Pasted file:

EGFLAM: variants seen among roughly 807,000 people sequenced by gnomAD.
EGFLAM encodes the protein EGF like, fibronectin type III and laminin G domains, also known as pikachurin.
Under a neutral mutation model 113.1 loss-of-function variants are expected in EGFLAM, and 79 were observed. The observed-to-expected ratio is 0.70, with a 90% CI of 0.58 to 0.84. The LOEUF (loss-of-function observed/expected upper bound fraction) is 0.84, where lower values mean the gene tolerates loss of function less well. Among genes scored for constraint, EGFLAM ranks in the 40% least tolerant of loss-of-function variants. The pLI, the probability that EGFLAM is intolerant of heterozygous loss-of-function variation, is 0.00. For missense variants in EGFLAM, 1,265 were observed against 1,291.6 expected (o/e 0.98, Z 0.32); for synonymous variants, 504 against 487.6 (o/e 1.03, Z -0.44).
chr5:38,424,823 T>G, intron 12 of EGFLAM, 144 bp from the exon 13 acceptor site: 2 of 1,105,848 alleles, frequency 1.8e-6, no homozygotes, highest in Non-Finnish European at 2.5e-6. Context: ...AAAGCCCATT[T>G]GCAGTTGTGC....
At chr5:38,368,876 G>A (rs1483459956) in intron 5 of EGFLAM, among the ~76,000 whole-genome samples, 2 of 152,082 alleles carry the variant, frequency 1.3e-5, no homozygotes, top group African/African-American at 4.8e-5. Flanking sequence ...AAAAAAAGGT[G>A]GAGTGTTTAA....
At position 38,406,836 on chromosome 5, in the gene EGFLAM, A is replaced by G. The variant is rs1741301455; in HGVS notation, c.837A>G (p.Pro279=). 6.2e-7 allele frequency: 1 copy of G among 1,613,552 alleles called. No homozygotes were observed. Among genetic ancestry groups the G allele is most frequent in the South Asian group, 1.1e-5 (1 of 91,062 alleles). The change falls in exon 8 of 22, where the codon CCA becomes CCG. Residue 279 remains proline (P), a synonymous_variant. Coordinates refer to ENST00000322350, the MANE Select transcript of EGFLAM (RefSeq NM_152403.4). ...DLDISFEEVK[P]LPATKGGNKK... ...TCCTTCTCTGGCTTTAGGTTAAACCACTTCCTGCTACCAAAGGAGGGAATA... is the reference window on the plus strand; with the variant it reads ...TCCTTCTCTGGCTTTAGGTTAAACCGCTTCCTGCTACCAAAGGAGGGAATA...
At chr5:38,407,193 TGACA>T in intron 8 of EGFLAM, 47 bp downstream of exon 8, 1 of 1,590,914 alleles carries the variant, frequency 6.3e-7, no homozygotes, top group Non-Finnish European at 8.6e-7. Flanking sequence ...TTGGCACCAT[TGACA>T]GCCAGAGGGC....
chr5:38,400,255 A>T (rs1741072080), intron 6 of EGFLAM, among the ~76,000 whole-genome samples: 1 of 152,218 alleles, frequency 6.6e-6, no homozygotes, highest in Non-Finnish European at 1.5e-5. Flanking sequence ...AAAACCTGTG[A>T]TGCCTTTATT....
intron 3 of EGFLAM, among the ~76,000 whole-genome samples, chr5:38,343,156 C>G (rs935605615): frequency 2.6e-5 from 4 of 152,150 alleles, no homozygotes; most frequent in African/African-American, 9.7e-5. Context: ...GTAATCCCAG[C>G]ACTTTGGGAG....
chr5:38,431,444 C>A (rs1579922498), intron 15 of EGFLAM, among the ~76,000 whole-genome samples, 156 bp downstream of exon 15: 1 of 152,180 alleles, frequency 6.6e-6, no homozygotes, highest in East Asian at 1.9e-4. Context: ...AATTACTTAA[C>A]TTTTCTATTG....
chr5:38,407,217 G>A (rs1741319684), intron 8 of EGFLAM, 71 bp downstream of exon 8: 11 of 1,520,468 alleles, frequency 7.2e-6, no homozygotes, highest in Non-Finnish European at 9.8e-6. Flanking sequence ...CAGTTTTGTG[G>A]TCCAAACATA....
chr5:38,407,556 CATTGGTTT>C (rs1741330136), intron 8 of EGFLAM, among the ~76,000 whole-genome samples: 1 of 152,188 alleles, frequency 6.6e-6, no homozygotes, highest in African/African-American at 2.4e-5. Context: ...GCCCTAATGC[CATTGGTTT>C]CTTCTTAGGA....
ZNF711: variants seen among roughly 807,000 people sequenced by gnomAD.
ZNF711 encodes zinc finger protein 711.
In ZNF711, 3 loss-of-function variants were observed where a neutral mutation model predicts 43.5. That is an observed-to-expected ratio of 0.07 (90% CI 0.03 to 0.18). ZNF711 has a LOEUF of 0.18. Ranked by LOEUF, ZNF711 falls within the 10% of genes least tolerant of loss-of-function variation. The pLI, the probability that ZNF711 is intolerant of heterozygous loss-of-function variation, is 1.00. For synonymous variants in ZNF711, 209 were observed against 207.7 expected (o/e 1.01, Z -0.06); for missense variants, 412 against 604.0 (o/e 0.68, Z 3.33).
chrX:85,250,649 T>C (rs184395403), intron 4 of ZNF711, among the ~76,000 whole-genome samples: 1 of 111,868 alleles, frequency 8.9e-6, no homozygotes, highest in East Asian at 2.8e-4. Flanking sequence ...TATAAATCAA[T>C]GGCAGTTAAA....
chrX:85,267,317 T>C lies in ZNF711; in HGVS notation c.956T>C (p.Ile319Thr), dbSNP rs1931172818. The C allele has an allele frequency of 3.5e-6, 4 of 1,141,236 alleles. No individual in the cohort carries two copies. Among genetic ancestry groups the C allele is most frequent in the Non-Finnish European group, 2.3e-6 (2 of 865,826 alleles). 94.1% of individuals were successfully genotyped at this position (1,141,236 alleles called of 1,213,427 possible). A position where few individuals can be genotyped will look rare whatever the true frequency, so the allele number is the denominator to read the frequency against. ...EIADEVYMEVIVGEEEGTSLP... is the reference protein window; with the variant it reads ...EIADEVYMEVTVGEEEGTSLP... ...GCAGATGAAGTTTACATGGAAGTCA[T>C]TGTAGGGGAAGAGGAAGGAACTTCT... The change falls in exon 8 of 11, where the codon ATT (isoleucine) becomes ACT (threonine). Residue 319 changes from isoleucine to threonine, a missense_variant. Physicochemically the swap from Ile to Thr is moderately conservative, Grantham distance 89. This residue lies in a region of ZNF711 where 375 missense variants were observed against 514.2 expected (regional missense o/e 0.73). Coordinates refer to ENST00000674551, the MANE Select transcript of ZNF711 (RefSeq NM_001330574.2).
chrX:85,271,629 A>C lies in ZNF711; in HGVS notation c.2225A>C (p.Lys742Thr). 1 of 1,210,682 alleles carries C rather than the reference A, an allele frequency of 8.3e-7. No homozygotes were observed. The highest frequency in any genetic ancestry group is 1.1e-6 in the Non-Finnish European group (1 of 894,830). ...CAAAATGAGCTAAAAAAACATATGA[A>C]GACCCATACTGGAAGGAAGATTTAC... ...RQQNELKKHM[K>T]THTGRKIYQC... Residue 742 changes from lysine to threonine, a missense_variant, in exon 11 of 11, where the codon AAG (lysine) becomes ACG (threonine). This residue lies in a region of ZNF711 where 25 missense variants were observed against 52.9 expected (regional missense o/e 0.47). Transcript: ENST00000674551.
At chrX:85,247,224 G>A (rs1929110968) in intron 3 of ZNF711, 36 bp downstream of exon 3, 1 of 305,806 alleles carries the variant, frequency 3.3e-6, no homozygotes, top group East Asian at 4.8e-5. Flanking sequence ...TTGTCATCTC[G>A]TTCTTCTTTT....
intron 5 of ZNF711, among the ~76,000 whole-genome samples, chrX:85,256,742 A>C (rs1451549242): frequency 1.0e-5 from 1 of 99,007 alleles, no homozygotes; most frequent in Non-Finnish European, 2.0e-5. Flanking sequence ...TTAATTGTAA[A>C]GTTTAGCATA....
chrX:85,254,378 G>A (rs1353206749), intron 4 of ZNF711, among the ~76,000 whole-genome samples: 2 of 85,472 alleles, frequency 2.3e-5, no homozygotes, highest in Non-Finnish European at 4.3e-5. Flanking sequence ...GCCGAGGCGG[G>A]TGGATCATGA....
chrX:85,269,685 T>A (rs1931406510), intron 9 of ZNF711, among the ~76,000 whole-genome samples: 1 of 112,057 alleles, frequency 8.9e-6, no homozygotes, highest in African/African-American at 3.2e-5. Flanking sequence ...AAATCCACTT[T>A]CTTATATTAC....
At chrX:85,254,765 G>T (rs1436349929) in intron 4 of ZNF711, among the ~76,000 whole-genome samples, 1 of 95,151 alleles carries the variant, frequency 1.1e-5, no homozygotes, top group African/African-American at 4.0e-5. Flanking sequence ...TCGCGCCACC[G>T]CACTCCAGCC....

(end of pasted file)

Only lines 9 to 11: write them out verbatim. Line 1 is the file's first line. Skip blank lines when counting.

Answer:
intron 3 of EGFLAM, among the ~76,000 whole-genome samples, chr5:38,343,156 C>G (rs935605615): frequency 2.6e-5 from 4 of 152,150 alleles, no homozygotes; most frequent in African/African-American, 9.7e-5. Context: ...GTAATCCCAG[C>G]ACTTTGGGAG....
chr5:38,431,444 C>A (rs1579922498), intron 15 of EGFLAM, among the ~76,000 whole-genome samples, 156 bp downstream of exon 15: 1 of 152,180 alleles, frequency 6.6e-6, no homozygotes, highest in East Asian at 1.9e-4. Context: ...AATTACTTAA[C>A]TTTTCTATTG....
chr5:38,407,217 G>A (rs1741319684), intron 8 of EGFLAM, 71 bp downstream of exon 8: 11 of 1,520,468 alleles, frequency 7.2e-6, no homozygotes, highest in Non-Finnish European at 9.8e-6. Flanking sequence ...CAGTTTTGTG[G>A]TCCAAACATA....